“No, I thank you. Oh, Maris, you are just perfect. It is such a shame that you are not going to be married in Trinity Church. You’d be such a credit to the family, and Kate West would be so enraged. She’s the last one of our class left single but myself, and I never let a chance slip of reminding her of it. She takes every wedding in our set as a personal insult.”

    “Is everything ready down-stairs?”

    “Everything. They are all sitting about in the parlor with the cheerfully solemn air of chief mourners. Mother has her handkerchief all ready to weep, and father is wondering how much he can lose by possible changes in the stock market before he gets back to State street.”

    Hannah Stearns regarded the excited girl with an air of serious disfavor, but she contented herself with setting her lips together in an expression of firm disapproval and laying her hands over her wrists in that attitude which is so much more expressive of virtuous indignation than even the most aggressive folding of the arms.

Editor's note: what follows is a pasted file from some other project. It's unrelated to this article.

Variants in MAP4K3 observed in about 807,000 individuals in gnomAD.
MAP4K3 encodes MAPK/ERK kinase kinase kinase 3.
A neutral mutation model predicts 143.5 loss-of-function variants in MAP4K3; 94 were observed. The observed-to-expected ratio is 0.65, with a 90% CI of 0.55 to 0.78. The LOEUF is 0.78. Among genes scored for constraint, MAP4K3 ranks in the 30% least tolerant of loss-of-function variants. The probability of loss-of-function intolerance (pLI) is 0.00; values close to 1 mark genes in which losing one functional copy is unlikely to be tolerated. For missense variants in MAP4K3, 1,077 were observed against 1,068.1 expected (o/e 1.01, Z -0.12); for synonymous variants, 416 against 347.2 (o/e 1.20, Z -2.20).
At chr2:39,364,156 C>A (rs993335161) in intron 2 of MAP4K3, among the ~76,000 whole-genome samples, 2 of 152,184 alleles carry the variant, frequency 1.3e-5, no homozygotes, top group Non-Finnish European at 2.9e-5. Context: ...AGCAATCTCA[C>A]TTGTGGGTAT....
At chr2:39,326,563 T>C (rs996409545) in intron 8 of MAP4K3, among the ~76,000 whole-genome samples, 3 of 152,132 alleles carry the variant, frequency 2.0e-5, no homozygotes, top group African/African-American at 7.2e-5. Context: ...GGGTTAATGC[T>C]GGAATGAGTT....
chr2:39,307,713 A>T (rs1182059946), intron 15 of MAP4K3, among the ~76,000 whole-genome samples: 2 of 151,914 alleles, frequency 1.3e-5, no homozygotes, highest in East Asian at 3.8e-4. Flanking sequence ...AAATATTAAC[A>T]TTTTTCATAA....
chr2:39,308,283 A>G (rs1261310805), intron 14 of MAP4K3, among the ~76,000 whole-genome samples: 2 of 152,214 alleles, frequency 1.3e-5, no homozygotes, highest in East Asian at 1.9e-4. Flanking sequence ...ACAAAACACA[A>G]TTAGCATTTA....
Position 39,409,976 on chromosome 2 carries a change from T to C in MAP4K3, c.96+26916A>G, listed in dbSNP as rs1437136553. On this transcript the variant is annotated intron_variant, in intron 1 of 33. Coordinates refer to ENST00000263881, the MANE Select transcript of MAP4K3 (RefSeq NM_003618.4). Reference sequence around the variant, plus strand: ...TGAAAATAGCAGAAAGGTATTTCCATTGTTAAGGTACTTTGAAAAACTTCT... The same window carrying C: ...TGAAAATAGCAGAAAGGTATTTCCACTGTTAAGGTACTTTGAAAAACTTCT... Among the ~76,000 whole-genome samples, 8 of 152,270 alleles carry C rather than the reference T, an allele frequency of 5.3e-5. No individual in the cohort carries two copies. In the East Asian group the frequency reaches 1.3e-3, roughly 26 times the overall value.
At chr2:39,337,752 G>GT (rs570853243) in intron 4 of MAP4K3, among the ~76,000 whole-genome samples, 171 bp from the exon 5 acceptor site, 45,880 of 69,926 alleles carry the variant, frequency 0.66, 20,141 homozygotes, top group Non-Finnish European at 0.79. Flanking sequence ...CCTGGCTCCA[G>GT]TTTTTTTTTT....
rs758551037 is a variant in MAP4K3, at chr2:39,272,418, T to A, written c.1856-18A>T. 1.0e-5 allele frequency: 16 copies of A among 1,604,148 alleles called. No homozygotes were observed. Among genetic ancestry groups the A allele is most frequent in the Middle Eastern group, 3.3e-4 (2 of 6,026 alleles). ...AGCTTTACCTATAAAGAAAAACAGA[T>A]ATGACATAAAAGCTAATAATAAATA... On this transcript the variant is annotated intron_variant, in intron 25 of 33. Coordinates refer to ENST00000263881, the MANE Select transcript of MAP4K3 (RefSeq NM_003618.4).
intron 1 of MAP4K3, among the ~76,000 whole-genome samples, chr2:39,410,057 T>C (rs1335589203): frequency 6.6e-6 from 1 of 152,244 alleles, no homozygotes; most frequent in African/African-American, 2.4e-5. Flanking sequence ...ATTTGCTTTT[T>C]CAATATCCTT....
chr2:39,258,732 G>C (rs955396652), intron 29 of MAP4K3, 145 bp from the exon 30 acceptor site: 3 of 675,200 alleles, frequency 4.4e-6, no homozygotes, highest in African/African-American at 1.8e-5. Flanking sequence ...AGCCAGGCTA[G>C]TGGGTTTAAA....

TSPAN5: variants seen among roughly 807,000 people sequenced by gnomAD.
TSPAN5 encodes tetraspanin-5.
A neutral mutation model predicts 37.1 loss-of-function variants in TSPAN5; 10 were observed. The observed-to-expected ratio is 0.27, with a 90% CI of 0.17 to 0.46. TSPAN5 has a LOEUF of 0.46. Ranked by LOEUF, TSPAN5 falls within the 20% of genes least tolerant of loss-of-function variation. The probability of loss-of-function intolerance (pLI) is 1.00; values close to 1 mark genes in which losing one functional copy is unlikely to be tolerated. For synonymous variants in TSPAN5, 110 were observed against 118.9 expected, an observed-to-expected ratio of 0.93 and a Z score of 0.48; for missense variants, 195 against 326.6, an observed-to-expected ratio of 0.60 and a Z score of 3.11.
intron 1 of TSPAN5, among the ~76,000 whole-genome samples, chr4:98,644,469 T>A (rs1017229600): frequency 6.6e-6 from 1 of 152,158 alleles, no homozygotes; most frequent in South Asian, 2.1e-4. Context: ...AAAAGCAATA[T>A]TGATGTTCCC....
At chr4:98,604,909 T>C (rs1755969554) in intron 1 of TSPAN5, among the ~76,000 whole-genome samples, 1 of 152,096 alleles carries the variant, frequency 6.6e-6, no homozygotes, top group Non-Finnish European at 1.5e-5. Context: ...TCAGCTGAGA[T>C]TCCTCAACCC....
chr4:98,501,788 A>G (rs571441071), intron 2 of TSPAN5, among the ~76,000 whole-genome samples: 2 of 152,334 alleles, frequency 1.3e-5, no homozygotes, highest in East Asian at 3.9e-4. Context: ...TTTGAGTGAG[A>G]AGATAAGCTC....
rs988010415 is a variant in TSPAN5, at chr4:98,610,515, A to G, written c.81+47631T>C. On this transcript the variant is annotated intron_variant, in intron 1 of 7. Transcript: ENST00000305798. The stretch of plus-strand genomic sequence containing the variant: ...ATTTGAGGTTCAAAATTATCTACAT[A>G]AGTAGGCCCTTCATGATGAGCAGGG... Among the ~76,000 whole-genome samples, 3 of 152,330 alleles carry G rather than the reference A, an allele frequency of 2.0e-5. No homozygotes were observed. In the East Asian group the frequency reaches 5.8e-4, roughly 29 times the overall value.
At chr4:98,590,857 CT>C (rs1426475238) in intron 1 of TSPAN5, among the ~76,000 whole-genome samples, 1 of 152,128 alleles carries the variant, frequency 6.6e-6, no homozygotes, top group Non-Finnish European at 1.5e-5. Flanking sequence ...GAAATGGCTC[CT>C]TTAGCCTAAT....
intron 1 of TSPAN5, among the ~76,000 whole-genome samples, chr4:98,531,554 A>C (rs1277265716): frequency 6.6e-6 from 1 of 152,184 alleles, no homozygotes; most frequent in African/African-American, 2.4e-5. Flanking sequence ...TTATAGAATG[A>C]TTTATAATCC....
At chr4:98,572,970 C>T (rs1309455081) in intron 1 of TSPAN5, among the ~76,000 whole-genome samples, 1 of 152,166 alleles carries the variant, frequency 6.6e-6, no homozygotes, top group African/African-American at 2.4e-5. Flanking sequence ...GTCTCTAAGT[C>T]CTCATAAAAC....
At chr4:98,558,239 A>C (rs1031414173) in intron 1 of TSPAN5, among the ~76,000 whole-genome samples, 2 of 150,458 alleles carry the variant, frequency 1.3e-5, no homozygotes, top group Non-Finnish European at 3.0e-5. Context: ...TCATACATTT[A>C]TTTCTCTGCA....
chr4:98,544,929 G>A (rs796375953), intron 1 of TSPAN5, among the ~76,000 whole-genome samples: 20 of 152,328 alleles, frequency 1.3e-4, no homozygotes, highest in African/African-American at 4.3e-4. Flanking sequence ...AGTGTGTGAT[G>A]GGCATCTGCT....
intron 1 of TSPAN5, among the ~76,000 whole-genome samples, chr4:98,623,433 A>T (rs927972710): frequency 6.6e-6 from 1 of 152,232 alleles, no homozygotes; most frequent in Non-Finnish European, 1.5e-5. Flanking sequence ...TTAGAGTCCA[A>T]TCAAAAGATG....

“Go into the front chamber,” pursued Elsie, no more observing the effect of her words than if the housekeeper had been a piece of the furniture, “and I’ll send him up. It’s a great pity you can’t have a wedding without having a great, horrid man mixed up in it.”

    She walked laughing to the door, but turned back impulsively to clasp her cousin in her arms, the quick tears in her eyes.

    “Oh, Maris, Maris,” she whispered, kissing the bride fervently. “There,” she went on, springing away and wiping her eyes. “I hope I didn’t muss you, but I couldn’t help it. You look so white and so still and so blessed. Bah! What a goose I am!”

    Hannah Stearns looked after the girl as she ran hastily away with a softening of her rigid old features.

    “She isn’t so bad at heart,” she commented.

    Damaris smiled faintly and passed through alone into the other chamber.